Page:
What Should Students Know Before Walking Through the Door of the Community Organization?

Around 2002, John Reiff (CESL Director) had the opportunity to ask 30 staff members from community-based organizations what they wanted UMass students to know before they ever walked through the door of the community organization.  They discussed the question among themselves, then provided these three answers:

  1. Our organizations have cultures different from the culture of your university.  We may dress differently, talk differently, and act differently in important ways from students on your campus.  We don't expect you to teach your students our cultures, because you don't know them yourself, but we want you to sensitize your students to the need to start learning our culture as soon as they arrive.
     
  2. Many of your students don't come from our communities, so we want you to orient them to our community before they start working with us.  Who lives here?  What are the demographics, the economics, the politics, the history, the struggles, the hopes and aspirations?
     
  3. Many of your students differ in important social identities--race, class, etc.--from the people we serve.  We don't want, for example, for the first time a white middle-class student wonders what it means to be white and middle class to be when they first sit down with someone we serve who is a poor person of color.  We want you to lead them to begin exploring the assumptions and patterns of behavior associated with the ways in which they may be privileged and the folks we serve may not be--before they ever show up in our communities.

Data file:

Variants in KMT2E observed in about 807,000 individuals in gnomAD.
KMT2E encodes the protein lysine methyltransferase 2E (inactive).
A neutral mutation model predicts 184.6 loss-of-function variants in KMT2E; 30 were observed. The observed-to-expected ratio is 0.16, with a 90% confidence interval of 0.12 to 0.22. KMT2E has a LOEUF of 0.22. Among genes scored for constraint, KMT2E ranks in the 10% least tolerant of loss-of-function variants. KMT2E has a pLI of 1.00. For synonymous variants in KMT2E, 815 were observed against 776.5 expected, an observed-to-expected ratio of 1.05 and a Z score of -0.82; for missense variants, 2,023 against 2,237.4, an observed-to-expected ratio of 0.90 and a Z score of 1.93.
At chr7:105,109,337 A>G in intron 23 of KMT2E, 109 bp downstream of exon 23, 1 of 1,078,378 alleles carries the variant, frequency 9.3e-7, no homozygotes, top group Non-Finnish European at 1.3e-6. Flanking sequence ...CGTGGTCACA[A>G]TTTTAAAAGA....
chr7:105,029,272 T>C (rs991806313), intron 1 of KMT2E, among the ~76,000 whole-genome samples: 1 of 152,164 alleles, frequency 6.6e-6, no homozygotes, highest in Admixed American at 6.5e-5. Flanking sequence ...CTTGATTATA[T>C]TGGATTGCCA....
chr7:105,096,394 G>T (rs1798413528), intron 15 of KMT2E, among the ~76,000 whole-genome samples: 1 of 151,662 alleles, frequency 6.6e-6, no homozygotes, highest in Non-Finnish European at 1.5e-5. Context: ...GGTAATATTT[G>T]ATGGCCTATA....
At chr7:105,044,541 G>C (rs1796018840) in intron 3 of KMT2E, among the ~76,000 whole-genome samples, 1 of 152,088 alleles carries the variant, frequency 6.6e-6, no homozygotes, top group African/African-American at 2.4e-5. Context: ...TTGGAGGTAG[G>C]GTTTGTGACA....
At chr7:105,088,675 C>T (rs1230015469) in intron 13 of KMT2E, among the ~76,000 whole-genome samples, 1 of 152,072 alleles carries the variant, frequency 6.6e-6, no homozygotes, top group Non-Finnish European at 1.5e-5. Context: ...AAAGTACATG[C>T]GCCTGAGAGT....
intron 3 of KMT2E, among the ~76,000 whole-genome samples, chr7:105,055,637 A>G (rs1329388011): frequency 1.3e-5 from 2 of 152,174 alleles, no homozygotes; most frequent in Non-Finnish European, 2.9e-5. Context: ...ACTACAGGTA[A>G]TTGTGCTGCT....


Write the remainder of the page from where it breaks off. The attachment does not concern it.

These three principles have become fundamental to CESL's approach to service-learning.  We talk with students and faculty about the differences between campus culture and the culture of community organizations.  We collaborate with Five Colleges, Inc., to offer orientations to Holyoke and Springfield--Holyoke Bound at the beginning of every semester, and Springfield Bound every fall--and we offer a UMass orientation to Amherst every fall.  And we work hard to explore the issues of power, privilege, and oppression that are tied up with our social identities, to look critically at our own identities and to ask how we might approach service, as Nadinne Cruz says, as "the creation and maintenance of more just relationships."